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What will (or won't) Tesla's board of directors do about Elon Musk?

What will (or won't) Tesla's board of directors do about Elon Musk?
Analysts have speculated that Tesla needs to bring in a seasoned operations executive to work with mercurial CEO Elon Musk. (ROBYN BECK / AFP/Getty Images)

Tesla is not going private. Chief Executive Elon Musk said so Friday. Now the public company’s board of directors can turn to another serious matter — what to do about Elon Musk.

Musk’s bizarre behavior, inflammatory tweets, flouting of norms governing corporate disclosure, and poor communication with his own board of directors are raising questions about his future at Tesla. So, too, is his inability thus far to raise Model 3 production to projected levels and turn Tesla profitable.

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No one at the moment expects the board to dump Musk. But there’s talk about bringing in a chief operating officer, or a co-CEO. Those would be risky moves, given Musk’s domineering personality.

But doing nothing about Musk presents a risk as well, opening the board of directors to increased criticism, shareholder lawsuits, regulatory scrutiny and possible criminal action — especially with the Securities and Exchange Commission investigating Tesla, as Bloomberg reports.

“This is a company is under substantial financial and legal distress at the moment,” said Peter Haveles, a corporate law specialist at the Pepper Hamilton law firm. “Musk’s recklessness with his comments over the last two weeks have caused the company great stress, at a minimum, and possibly subjected it to legal liability.”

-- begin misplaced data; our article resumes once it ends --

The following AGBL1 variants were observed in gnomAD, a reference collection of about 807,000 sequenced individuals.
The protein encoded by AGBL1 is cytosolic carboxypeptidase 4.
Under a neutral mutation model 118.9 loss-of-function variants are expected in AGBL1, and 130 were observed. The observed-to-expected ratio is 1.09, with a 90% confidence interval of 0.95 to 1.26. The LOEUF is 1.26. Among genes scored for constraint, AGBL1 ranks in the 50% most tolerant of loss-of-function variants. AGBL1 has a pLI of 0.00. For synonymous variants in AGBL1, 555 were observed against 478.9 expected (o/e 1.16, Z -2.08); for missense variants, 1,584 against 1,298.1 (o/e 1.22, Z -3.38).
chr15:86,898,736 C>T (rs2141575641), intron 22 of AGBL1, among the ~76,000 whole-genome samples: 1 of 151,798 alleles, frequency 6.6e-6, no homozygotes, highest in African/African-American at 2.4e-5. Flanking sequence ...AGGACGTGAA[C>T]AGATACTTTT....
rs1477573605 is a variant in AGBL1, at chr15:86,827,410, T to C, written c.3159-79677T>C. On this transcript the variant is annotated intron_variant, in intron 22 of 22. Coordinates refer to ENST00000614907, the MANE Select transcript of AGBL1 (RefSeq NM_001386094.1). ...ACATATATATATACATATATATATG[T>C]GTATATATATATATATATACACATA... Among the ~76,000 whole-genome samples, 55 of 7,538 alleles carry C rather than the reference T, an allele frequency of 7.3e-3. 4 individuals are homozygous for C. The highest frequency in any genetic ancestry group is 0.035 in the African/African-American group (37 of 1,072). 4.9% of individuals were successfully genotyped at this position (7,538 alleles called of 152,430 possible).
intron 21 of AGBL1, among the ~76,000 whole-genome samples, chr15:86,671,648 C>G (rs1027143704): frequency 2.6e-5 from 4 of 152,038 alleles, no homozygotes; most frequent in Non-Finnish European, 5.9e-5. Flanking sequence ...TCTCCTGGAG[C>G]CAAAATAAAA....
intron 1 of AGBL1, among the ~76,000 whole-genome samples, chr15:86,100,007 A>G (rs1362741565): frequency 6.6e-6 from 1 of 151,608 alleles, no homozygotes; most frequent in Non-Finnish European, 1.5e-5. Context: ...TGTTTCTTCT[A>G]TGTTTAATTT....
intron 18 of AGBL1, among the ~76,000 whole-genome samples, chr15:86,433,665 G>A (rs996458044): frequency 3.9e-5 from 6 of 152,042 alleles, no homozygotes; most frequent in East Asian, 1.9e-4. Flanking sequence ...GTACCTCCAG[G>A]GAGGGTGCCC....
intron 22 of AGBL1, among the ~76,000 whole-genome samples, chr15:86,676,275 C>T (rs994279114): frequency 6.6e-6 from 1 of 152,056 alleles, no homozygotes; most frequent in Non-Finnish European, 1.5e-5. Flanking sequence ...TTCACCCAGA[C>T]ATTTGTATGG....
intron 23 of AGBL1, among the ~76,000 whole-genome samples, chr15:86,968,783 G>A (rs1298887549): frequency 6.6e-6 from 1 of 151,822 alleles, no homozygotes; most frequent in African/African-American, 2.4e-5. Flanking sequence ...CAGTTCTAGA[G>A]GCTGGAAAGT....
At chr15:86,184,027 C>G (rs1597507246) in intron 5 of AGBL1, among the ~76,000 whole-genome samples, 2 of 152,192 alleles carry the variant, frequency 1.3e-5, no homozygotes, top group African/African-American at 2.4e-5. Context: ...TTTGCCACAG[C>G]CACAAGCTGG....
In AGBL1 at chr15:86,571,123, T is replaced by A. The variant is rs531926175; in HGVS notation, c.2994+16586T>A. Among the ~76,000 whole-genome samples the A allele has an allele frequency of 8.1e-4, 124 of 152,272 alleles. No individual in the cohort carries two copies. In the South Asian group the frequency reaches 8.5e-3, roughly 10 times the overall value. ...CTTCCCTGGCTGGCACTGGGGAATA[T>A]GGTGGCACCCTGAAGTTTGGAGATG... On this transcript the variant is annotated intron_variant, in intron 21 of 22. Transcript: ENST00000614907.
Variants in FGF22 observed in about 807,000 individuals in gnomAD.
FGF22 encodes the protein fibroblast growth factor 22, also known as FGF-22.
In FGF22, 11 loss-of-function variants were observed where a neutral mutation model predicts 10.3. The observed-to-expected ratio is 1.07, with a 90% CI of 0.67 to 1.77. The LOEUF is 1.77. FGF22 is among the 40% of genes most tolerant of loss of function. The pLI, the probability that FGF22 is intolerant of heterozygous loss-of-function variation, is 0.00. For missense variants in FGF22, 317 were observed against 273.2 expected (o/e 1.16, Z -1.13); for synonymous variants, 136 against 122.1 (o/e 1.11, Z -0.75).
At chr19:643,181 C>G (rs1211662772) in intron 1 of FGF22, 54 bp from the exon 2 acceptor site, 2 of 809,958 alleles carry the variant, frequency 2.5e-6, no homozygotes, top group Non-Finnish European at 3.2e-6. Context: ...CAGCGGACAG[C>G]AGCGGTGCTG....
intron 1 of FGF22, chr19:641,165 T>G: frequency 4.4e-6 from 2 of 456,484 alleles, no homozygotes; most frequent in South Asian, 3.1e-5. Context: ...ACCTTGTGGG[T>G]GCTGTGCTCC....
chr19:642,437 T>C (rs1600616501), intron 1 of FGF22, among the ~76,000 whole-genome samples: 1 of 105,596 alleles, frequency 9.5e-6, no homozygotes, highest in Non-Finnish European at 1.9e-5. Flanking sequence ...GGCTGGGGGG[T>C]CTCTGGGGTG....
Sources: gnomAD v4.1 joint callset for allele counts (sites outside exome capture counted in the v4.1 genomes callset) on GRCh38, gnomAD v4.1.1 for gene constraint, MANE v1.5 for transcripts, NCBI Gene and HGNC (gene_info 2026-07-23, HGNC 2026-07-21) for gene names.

Of all Musk’s jaw-dropping tweets — including tagging a diver who helped rescue children trapped in a Thailand cave as a pedophile, with no foundation in fact — the tweet he sent on August 7 is the one causing him and Tesla the most trouble: “Am considering taking Tesla private at $420. Funding secured.”

The tweet sent the company’s stock price soaring as high as $387.56, up 13% from the previous day’s close. After Musk failed to identify any funders or funding, the stock fell again as investors waited to see whether the going-private claim was real, and it has been treading around $320 a share for days.

Many securities law experts, including former Securities and Exchange Commission officials, said the “funding secured” tweet, if false or misleading, could violate federal securities laws.

On Thursday, Tesla’s board decided to drop the private buyout idea and remain a public company. On a Tesla blog post Friday, Musk said talks with shareholders and investment bankers had persuaded him that remaining a publicly traded company was in Tesla’s best interest.

“Fortunately they reversed it quickly enough before more damage could be done,” said Ross Gerber of Santa Monica investment firm Gerber Kawasaki, which holds Tesla stock.

A big fan of both Tesla and Musk, Gerber nonetheless thought going private was a bad idea. “This shows that you have to be very careful what you say on Twitter,” he said. “Hopefully it was a lesson to Elon. Hopefully he’ll be more intelligent about how his actions affect everybody, especially shareholders.”

Musk has copped to over-sharing on Twitter several times in the past, but has failed to show consistent restraint. In an emotional Aug. 16 interview with the New York Times, Musk admitted no one had reviewed the “funding secured” tweet before he sent it, and that the long hours he has spent trying to fix production problems with the new Model 3 sedan have taken a toll.